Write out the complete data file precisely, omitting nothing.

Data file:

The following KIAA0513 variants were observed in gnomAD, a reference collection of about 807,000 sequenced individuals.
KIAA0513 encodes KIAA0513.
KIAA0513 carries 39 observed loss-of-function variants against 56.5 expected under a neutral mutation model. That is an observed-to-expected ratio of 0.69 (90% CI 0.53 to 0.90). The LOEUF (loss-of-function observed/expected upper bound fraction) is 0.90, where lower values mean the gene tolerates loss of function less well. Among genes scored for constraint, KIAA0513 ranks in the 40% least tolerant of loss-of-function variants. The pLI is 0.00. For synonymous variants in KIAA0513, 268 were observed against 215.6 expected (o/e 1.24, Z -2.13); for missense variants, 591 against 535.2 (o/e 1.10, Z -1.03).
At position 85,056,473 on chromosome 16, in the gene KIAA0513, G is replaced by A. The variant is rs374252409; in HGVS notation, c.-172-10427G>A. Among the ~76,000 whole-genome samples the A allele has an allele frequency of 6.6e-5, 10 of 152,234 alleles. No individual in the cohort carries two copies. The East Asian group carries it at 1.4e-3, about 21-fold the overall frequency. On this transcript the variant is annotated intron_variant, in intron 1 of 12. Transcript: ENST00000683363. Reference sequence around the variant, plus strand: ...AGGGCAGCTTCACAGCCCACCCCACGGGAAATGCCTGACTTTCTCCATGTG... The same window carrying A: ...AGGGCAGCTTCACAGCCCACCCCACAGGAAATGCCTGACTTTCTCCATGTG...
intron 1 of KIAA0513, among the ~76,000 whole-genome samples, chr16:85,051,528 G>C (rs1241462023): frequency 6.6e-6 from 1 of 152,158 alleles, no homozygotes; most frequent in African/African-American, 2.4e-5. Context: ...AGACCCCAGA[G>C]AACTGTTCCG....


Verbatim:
The following KIAA0513 variants were observed in gnomAD, a reference collection of about 807,000 sequenced individuals.
KIAA0513 encodes KIAA0513.
KIAA0513 carries 39 observed loss-of-function variants against 56.5 expected under a neutral mutation model. That is an observed-to-expected ratio of 0.69 (90% CI 0.53 to 0.90). The LOEUF (loss-of-function observed/expected upper bound fraction) is 0.90, where lower values mean the gene tolerates loss of function less well. Among genes scored for constraint, KIAA0513 ranks in the 40% least tolerant of loss-of-function variants. The pLI is 0.00. For synonymous variants in KIAA0513, 268 were observed against 215.6 expected (o/e 1.24, Z -2.13); for missense variants, 591 against 535.2 (o/e 1.10, Z -1.03).
At position 85,056,473 on chromosome 16, in the gene KIAA0513, G is replaced by A. The variant is rs374252409; in HGVS notation, c.-172-10427G>A. Among the ~76,000 whole-genome samples the A allele has an allele frequency of 6.6e-5, 10 of 152,234 alleles. No individual in the cohort carries two copies. The East Asian group carries it at 1.4e-3, about 21-fold the overall frequency. On this transcript the variant is annotated intron_variant, in intron 1 of 12. Transcript: ENST00000683363. Reference sequence around the variant, plus strand: ...AGGGCAGCTTCACAGCCCACCCCACGGGAAATGCCTGACTTTCTCCATGTG... The same window carrying A: ...AGGGCAGCTTCACAGCCCACCCCACAGGAAATGCCTGACTTTCTCCATGTG...
intron 1 of KIAA0513, among the ~76,000 whole-genome samples, chr16:85,051,528 G>C (rs1241462023): frequency 6.6e-6 from 1 of 152,158 alleles, no homozygotes; most frequent in African/African-American, 2.4e-5. Context: ...AGACCCCAGA[G>C]AACTGTTCCG....